One of the highlights of the workshop is that you get one organic cotton garment, one organic cotton bag to dye during the workshop. Additionally as a participant you are free to being as many garments/ fabrics to dye during the workshop.

Apart from this every workshop has approx. 5-6 participants which makes it a personalized workshop and our instructors are at the disposal of participants during the whole workshop which makes it interactive and interesting.  

When we think of printing and India we naturally think Block Printing.  Can you explain briefly the history of how India gave the world block printing?


Interestingly enough, Jaipur/ Bagru’s block printing is appreciated across the world and is a major highlight for all textile enthusiasts across the world. When we talk about India, you will get to hear about the bagh print, Ajrakh print, dabu print etc. which are majorly related to printing designs on a dyed fabric and similar to block printing in one way or another.

Block printings though suggested by historians to have originated in China has made its way to India. In India it flourished during the 12th century when it received a royal patronage from the ruling kings. Bagru, I would say has kept the lost art alive and has moreover revived it and distinguished it across the globe.

Block printing has commercially been successful since the manpower required in India is well trained and available in abundance. Therefore India has been able to make block printing successful. As the block printing became more successful and more commercially viable more and more highly skilled local craftsmen quickly mastered the textile art form.


Discuss the importance of colour to fabric in India? 

Colours to fabric in India are as important as anywhere else in the world. However, I would like to say that we as Indians are more colourful than the rest of the world. Anyone who has been to India would agree to this statement.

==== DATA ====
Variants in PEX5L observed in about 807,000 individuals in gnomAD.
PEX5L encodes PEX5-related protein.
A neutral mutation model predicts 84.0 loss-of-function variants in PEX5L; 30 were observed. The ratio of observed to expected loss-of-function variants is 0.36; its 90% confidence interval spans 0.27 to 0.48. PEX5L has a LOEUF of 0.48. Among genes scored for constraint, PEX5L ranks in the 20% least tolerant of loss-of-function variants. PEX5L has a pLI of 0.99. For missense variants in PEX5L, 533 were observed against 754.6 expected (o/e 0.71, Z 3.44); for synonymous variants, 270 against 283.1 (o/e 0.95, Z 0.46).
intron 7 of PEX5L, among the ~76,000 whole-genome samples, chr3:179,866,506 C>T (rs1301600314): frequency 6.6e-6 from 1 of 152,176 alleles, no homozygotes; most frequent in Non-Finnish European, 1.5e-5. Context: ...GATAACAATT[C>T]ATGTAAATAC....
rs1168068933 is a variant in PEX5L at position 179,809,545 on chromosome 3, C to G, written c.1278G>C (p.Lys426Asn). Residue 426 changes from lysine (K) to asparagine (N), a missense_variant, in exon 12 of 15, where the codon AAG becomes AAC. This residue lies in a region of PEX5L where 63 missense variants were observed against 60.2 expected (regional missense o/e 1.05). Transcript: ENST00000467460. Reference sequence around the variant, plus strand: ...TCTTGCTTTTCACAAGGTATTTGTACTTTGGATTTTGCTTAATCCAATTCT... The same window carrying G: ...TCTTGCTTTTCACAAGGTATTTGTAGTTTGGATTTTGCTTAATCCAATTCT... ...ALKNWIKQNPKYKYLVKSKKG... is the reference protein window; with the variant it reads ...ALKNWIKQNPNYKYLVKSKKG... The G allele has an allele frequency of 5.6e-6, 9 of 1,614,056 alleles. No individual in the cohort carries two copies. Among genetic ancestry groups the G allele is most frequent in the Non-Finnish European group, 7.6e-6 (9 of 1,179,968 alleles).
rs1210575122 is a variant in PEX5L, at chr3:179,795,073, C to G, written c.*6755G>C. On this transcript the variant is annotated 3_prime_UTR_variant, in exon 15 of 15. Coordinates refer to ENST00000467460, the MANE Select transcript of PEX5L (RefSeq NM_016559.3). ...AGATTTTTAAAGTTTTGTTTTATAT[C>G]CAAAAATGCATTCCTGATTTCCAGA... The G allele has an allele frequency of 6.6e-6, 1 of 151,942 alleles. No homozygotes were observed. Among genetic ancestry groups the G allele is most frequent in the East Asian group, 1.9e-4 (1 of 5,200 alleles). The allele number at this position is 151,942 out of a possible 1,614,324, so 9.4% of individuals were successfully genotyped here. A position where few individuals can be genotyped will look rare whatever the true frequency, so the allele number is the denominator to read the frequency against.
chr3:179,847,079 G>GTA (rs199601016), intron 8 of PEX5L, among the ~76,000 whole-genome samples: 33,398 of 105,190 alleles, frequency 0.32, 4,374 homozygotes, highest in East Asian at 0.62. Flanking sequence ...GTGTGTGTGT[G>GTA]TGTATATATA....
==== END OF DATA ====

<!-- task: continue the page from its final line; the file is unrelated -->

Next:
We would always prefer a coloruful shiny dress in comparison to a plain solid one. We also believe that colours have a demonstrable psychological effect. Specific colours have specific meanings. Apart from this the lost list of festivals that India have, you are better if you have variety of colours in your wardrobe. All these factors when combined make India a colourful country. To wear coloured fabric you need to make colourful fabric and that’s what businesses do.



Expand on how your company has been able to employ local people, in relationship to the area you are in.

Local talent and artisans are the real heroes of the workshop. Faruq, who has been associated since our very first workshop is a master tie and dye artisan. His family has been in the trade for the past 5 decades and he himself has been practicing and doing tie and dye for more than 2 decades.

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Without local artisans I am pretty sure that our workshop would not have flourished.

Be it block printers, tie and dye artists or the master dyers they have been an essential part of the workshop.


Our aim is to make sure that we employ local artisans in the workshop as they are definitely the authentic ones and you can rely on them to make each and every workshop interesting with new designs and new techniques.

Currently we have more than seven locals who are involved with the workshop. Some of them handle the operations part and the others are the artisans. Funny part is that one of our drivers tried his hands on dyeing and was pretty good at it as well. So now, he is also practicing to dye with us and soon will be dyeing fabrics for us.

Contact details:

Sidhant Sodhani

Dye it yourself Workshop

Sidhant, Jaipur, India

Interview by Deborah Blakeley, February 2018